Henning Mankell & the World Cup

It’s Saturday afternoon, and I’m trying to justify watching football on the tv by writing a blog — after all, if I’m writing a blog, it’s not really goofing off is it?

I’ve spent the morning writing my daily 1400 words, which I finished by about 12 o’clock, before settling down with Henning Mankell’s Firewall, which may or may not be his last Kurt Wallender novel. For those of you who only know the dyspeptic, diabetic detective by the anaemic BBC adaptations featuring Kenneth Branagh, which are not a patch on the original Swedish episodes often shown on BBC4, the cycle of ten or a dozen novels are perhaps the most grounded narratives in the detective genre. At the risk of sounding pretentious, they chart the moral disintegration of Swedish society in the 1990s through the brutal and often irrational murders that Wallander has to investigate.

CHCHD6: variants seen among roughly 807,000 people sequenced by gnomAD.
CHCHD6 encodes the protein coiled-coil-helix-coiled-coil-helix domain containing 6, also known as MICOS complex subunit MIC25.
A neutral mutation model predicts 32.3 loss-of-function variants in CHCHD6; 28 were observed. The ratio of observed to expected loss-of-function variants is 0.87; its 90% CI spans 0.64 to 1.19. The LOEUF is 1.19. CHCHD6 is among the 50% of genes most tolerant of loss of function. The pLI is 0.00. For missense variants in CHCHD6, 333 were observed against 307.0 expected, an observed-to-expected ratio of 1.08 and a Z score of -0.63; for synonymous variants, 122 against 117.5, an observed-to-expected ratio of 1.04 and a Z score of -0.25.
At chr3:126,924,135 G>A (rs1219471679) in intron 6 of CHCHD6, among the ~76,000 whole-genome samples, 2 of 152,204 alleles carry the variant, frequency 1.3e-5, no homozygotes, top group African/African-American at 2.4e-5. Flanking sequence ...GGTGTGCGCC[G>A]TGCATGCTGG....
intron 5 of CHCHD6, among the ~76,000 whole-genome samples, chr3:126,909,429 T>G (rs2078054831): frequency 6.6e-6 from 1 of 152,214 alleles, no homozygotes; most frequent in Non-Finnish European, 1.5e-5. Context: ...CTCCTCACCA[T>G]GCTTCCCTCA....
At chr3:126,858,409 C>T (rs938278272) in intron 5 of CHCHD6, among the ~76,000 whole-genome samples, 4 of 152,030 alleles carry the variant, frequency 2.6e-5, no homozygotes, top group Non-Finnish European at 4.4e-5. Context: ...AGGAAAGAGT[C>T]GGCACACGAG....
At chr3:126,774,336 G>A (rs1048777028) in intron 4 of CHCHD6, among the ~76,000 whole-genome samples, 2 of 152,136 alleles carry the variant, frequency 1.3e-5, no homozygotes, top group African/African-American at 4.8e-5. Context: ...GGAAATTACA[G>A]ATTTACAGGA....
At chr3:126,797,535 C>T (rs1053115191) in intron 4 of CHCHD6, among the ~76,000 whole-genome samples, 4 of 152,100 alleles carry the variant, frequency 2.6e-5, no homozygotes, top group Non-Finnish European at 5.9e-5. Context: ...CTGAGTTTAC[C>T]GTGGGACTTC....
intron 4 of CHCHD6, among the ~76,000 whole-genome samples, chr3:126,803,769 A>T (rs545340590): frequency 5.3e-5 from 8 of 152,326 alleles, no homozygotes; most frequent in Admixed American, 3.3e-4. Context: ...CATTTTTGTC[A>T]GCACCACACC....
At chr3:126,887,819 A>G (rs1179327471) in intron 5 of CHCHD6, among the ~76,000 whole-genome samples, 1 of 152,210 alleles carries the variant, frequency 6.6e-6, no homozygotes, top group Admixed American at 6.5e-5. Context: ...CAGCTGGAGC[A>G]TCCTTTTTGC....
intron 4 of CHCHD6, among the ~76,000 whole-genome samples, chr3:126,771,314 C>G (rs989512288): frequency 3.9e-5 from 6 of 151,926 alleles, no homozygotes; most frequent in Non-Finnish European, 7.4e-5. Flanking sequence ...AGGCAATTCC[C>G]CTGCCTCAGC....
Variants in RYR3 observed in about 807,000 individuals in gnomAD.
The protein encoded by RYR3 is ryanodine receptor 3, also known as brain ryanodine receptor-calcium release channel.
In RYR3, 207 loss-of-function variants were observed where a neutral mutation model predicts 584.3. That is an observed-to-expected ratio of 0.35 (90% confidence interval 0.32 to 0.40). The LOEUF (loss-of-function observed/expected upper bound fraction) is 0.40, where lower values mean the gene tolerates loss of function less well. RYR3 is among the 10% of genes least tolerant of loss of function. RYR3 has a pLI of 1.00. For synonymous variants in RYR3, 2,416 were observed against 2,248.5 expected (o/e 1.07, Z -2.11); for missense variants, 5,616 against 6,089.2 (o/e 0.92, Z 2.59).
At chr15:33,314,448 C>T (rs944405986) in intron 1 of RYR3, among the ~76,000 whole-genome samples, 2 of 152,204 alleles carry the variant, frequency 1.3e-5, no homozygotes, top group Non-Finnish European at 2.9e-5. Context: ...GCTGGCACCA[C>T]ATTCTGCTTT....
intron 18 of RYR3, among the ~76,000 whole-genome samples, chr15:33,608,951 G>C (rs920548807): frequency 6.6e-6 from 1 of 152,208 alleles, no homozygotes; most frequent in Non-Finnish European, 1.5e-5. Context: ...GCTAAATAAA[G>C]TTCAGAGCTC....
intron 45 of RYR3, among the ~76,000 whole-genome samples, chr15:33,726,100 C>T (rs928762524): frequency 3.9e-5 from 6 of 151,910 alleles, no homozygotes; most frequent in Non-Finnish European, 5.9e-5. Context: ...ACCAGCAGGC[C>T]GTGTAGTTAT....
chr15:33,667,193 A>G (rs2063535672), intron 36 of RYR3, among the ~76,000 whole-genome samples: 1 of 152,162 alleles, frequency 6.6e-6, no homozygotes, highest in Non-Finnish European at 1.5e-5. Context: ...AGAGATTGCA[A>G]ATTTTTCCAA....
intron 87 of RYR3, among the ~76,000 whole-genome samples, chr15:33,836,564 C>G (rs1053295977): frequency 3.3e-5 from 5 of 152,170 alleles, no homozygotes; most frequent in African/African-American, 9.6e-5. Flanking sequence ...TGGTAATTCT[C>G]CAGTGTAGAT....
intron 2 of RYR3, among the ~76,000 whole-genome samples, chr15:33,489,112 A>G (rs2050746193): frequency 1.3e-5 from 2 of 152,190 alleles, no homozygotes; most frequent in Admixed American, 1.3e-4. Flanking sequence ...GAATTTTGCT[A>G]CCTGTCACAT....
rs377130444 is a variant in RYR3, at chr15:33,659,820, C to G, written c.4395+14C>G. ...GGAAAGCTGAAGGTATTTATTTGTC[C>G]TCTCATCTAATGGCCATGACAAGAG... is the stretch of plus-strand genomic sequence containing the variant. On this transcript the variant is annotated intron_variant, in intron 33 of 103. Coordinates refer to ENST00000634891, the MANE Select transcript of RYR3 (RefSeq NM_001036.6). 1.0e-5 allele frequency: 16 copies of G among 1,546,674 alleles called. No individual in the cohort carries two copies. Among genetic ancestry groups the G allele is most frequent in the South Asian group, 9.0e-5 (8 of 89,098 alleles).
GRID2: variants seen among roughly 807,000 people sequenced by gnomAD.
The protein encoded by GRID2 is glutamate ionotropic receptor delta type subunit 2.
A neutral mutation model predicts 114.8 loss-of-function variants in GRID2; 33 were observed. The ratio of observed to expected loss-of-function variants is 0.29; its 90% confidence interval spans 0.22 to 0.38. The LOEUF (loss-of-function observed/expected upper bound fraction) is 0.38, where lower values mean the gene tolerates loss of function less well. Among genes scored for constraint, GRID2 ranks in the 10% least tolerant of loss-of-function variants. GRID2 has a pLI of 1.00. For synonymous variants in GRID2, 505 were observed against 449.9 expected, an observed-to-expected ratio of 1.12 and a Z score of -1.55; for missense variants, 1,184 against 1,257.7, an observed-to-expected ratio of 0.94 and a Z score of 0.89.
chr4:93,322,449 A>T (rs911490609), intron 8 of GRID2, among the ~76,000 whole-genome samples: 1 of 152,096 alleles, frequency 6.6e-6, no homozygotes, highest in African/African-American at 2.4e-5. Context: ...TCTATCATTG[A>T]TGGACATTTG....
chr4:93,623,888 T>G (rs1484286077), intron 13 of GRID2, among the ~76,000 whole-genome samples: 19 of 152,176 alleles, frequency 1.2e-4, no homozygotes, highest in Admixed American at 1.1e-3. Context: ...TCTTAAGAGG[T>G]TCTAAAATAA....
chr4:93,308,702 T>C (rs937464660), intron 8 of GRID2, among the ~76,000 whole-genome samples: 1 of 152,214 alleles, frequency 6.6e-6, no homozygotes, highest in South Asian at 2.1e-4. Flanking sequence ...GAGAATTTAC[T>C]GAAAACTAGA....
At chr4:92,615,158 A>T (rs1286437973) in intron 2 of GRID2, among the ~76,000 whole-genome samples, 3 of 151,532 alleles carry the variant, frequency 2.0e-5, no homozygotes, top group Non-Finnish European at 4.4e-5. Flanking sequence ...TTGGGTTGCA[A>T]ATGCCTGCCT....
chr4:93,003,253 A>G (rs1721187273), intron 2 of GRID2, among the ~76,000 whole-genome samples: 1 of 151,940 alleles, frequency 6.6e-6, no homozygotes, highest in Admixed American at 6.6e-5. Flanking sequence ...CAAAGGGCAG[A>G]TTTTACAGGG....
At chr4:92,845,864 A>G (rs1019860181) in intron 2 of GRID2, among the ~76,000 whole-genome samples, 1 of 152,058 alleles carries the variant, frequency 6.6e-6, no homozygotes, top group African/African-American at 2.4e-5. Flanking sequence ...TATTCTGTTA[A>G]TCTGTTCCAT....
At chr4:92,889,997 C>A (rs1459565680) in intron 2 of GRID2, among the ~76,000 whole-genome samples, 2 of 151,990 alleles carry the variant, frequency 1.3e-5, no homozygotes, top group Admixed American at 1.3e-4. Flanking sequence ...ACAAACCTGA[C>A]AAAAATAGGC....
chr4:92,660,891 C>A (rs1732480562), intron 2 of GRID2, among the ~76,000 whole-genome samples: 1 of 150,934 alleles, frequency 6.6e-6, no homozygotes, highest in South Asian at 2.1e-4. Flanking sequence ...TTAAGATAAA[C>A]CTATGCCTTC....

Before Firewall, I read Sidetracked, which justifiably won the Crime Writer’s Assosciation’s Gold Dagger Award for Best Novel. Mankell interweaves real world events with the storyline by featuring Sweden’s matches in the 1994 World Cup as part of the sub-plot and setting. It’s part of a complex set of plot threads that at times sidetrack the reader as effectively as they do Wallander’s investigation.  

Reading Mankell teaches one that it’s the little touches that give a narrative its sense of reality. Years ago, Brian Aldiss began to work himself, his friends and family into the narrative, blurring the lines between fiction and reality. I’m tempted to try the same technique in future, maybe featuring a writer who blogs during the 2010 World Cup as part of the sub-plot….

But for now it’s back to the real World Cup. I’ll finish Firewall between the two matches.

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• July 3rd, 2010 • Posted in General • Comments: 0